Vasudhara Mandala

Artist/maker unknown, Nepalese

Made in Nepal, Asia

c. 15th - early 16th century

Colors on cloth; cloth mounting

Image: 35 x 26 1/2 inches (88.9 x 67.3 cm) Mount: 49 x 30 inches (124.5 x 76.2 cm) Frame: 49 1/8 × 39 1/4 × 2 inches (124.8 × 99.7 × 5.1 cm)

Curatorial Department:
South Asian Art

Object Location:

Currently not on view

Accession Number:

Credit Line:
Gift of Stella Kramrisch, 1960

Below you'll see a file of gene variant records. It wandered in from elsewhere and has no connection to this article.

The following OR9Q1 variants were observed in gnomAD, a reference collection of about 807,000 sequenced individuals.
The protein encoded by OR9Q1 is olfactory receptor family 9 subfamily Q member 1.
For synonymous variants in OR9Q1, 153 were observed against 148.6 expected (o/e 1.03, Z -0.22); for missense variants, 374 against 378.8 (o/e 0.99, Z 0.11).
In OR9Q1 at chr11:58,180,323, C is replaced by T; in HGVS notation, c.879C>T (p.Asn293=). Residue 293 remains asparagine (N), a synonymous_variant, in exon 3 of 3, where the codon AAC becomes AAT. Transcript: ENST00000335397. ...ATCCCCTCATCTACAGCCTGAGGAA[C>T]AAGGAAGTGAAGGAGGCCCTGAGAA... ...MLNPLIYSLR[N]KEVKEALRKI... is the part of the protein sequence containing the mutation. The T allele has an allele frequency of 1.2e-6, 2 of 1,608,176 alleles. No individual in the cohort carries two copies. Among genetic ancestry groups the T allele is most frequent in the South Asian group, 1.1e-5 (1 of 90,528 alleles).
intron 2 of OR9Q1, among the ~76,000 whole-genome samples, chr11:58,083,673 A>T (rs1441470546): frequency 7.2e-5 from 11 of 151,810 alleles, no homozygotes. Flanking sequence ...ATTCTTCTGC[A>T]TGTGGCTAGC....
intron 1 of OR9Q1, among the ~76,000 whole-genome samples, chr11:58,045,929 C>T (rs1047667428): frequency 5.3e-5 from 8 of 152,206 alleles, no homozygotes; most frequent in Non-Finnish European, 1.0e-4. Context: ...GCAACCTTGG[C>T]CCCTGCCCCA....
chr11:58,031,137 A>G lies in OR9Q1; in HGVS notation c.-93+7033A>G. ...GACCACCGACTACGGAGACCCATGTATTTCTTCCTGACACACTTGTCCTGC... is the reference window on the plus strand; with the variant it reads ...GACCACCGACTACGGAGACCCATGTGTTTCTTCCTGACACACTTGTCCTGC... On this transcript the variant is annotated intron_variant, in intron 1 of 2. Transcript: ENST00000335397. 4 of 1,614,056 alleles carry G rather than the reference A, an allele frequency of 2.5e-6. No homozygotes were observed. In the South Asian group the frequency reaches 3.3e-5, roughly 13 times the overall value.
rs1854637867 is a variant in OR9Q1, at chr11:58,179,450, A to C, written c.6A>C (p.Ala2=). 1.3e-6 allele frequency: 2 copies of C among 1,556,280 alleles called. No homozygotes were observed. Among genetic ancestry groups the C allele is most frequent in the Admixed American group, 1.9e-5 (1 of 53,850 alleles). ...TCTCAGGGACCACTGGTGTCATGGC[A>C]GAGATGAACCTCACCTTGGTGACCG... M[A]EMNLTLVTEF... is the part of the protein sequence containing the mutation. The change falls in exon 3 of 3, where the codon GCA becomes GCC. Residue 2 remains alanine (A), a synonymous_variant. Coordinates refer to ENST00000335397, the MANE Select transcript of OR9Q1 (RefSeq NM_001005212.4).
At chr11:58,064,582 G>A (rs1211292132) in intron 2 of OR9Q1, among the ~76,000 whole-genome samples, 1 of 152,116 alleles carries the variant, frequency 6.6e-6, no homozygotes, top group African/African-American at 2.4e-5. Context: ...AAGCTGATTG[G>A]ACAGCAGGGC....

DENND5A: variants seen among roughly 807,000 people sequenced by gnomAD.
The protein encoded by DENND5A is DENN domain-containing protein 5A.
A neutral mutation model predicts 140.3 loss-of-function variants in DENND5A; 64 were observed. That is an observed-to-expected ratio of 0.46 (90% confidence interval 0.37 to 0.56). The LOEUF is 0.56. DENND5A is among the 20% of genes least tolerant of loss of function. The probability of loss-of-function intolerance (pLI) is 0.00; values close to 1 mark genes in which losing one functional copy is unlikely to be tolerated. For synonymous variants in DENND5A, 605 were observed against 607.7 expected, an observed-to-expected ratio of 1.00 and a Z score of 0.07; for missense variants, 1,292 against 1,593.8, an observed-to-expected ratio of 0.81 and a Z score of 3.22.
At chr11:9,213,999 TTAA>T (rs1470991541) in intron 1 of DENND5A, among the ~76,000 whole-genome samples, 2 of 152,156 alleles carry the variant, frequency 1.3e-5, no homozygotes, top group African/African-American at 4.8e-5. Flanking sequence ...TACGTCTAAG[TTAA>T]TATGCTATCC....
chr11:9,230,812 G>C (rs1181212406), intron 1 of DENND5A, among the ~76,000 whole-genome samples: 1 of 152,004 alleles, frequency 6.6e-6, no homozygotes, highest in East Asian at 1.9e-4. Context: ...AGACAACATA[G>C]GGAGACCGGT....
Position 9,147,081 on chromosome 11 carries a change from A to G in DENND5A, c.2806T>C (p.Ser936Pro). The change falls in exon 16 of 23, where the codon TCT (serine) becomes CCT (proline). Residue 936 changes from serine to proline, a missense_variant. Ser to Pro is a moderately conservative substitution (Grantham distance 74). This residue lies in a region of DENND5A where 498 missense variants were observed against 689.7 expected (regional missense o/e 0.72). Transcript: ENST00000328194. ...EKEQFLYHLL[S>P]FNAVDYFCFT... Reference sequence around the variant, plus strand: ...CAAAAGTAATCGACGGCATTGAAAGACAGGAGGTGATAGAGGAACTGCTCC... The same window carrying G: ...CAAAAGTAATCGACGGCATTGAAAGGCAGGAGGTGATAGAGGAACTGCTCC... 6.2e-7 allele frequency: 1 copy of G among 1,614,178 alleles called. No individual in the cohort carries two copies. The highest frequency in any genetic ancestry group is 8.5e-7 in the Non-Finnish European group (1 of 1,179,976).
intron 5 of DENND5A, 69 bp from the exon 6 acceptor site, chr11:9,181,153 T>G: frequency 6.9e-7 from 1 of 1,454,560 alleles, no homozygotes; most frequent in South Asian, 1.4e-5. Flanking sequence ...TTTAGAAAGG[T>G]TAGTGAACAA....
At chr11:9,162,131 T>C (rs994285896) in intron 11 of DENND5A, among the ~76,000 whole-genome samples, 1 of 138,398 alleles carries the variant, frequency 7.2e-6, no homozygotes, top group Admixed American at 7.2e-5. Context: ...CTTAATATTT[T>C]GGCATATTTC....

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Vasudhara, Goddess of Abundance, is seated in a magnificent palace in the center of this painting. The surrounding boxes illustrate the Suchandra Avadana, a Buddhist morality tale. Similar to the parable of the prodigal son, the Suchandra Avadana describes the life of the youngest son of Suchandra, a wealthy merchant. After losing the family's wealth and committing sacrilegious acts, this son finally repents his poor conduct. Guided by his wife, he brings an offering to the Buddha who advises him to ritually worship Vasudhara to regain grace. The two small rows of figures in the bottom corners, as well as the overall format of the painting, illustrate the performance of this rite. In the center bottom, blue-skinned Achala scares away evil influences that lead people like Suchandra's son into bad behavior.